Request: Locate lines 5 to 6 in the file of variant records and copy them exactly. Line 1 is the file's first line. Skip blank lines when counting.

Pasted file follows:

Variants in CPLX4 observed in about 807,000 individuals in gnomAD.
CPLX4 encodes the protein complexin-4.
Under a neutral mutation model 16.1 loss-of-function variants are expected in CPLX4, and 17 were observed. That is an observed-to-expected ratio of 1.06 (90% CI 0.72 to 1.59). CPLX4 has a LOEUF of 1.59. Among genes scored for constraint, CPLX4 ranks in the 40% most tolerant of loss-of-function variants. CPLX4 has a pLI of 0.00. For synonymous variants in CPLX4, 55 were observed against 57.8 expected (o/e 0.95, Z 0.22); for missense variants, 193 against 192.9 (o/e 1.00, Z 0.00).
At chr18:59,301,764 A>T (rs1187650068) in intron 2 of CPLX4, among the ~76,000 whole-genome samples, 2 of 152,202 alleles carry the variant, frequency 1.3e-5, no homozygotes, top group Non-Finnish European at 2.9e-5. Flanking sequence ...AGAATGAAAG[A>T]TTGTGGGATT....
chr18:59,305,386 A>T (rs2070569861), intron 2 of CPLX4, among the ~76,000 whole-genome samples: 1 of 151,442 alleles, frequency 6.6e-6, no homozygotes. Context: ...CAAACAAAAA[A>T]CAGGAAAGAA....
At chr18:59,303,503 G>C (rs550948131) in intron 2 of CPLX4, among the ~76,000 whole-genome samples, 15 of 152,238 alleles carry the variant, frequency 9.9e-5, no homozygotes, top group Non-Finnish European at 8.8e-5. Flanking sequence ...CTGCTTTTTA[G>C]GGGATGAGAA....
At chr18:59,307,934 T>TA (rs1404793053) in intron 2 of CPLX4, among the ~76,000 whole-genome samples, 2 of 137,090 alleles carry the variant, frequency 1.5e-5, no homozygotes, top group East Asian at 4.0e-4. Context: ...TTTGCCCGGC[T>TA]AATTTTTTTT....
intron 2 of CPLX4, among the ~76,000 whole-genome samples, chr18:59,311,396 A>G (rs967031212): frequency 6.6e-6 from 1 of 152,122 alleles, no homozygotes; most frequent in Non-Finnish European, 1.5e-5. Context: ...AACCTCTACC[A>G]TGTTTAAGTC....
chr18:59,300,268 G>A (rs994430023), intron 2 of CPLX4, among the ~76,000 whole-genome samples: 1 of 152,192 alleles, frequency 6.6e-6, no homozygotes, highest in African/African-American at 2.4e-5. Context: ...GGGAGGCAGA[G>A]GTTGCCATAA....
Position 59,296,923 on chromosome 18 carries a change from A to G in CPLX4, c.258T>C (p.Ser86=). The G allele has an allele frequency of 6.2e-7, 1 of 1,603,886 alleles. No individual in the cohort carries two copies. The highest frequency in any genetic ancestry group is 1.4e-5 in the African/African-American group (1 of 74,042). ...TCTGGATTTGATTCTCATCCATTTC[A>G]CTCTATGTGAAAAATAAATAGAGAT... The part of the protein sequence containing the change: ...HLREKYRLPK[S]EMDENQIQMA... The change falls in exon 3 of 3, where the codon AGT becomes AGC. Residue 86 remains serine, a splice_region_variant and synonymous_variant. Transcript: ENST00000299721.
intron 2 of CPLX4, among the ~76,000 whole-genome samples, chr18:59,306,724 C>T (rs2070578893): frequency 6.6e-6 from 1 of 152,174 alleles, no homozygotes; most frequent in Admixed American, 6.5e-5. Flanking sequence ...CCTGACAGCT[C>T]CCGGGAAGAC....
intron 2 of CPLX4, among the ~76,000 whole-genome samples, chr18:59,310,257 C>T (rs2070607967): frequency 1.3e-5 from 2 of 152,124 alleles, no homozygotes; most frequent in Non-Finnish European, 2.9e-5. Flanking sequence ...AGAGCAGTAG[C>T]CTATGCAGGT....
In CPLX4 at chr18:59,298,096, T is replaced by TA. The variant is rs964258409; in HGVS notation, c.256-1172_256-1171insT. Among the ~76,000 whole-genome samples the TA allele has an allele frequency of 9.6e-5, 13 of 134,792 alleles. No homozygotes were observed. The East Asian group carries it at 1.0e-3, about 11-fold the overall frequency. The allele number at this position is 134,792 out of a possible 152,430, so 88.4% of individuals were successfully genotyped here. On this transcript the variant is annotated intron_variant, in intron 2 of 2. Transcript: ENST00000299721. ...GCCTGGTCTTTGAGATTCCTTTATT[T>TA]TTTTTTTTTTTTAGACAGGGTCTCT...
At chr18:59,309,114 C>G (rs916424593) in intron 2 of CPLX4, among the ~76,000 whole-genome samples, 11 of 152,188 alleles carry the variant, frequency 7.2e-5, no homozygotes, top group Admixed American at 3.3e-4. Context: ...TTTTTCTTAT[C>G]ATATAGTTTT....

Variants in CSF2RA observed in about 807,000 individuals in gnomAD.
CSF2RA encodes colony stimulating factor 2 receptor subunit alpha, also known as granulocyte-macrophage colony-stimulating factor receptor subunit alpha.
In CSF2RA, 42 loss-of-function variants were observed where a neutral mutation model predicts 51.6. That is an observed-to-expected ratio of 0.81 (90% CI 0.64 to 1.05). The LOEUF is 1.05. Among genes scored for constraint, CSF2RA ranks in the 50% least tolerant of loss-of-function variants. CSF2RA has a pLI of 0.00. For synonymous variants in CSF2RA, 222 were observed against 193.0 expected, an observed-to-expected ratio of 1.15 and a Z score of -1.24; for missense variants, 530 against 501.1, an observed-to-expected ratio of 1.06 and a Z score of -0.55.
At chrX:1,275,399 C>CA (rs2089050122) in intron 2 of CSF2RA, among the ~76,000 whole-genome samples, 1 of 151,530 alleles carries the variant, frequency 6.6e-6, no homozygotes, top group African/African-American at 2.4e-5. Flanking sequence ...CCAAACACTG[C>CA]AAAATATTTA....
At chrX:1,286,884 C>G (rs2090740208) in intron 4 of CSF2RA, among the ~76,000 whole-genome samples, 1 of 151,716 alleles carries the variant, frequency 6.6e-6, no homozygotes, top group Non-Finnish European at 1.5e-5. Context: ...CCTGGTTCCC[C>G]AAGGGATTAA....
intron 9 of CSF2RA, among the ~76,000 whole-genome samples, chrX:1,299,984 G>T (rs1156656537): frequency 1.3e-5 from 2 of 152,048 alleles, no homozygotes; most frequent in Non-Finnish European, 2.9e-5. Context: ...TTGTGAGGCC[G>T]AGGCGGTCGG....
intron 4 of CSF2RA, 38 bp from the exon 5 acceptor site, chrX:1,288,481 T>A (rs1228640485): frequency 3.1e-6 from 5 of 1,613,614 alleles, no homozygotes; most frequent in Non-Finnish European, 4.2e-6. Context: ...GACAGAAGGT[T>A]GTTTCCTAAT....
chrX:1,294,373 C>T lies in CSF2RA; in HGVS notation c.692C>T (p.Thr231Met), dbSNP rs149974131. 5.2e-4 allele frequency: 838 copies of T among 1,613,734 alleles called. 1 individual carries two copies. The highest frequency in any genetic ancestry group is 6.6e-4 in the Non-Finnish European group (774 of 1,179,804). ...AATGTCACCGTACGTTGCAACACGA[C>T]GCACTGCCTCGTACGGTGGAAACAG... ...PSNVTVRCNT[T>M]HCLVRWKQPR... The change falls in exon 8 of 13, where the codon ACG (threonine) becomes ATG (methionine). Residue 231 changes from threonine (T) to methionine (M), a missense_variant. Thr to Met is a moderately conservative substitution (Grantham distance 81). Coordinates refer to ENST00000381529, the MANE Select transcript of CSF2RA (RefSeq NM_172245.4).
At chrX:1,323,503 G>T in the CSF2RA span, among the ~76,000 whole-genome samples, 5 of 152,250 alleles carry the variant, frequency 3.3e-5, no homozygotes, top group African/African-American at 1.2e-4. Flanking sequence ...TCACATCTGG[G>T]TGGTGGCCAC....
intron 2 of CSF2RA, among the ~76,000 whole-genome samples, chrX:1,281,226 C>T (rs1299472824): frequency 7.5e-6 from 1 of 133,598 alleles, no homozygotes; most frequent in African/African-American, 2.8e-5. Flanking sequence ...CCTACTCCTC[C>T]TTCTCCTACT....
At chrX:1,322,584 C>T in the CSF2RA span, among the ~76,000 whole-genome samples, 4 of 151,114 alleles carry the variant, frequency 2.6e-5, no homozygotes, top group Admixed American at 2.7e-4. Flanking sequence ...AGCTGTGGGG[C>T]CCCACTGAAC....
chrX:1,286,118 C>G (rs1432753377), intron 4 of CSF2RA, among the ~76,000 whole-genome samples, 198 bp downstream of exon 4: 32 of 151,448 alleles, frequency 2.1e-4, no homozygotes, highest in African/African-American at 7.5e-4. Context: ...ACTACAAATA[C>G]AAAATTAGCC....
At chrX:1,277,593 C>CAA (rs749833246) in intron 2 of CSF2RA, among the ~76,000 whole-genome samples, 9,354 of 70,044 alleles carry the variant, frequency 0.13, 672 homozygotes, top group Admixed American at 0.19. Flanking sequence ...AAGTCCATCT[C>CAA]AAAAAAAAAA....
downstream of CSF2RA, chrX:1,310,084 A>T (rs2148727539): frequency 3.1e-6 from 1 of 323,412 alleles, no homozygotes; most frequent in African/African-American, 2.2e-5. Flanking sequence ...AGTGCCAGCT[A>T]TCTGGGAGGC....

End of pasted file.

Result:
chr18:59,305,386 A>T (rs2070569861), intron 2 of CPLX4, among the ~76,000 whole-genome samples: 1 of 151,442 alleles, frequency 6.6e-6, no homozygotes. Context: ...CAAACAAAAA[A>T]CAGGAAAGAA....
At chr18:59,303,503 G>C (rs550948131) in intron 2 of CPLX4, among the ~76,000 whole-genome samples, 15 of 152,238 alleles carry the variant, frequency 9.9e-5, no homozygotes, top group Non-Finnish European at 8.8e-5. Flanking sequence ...CTGCTTTTTA[G>C]GGGATGAGAA....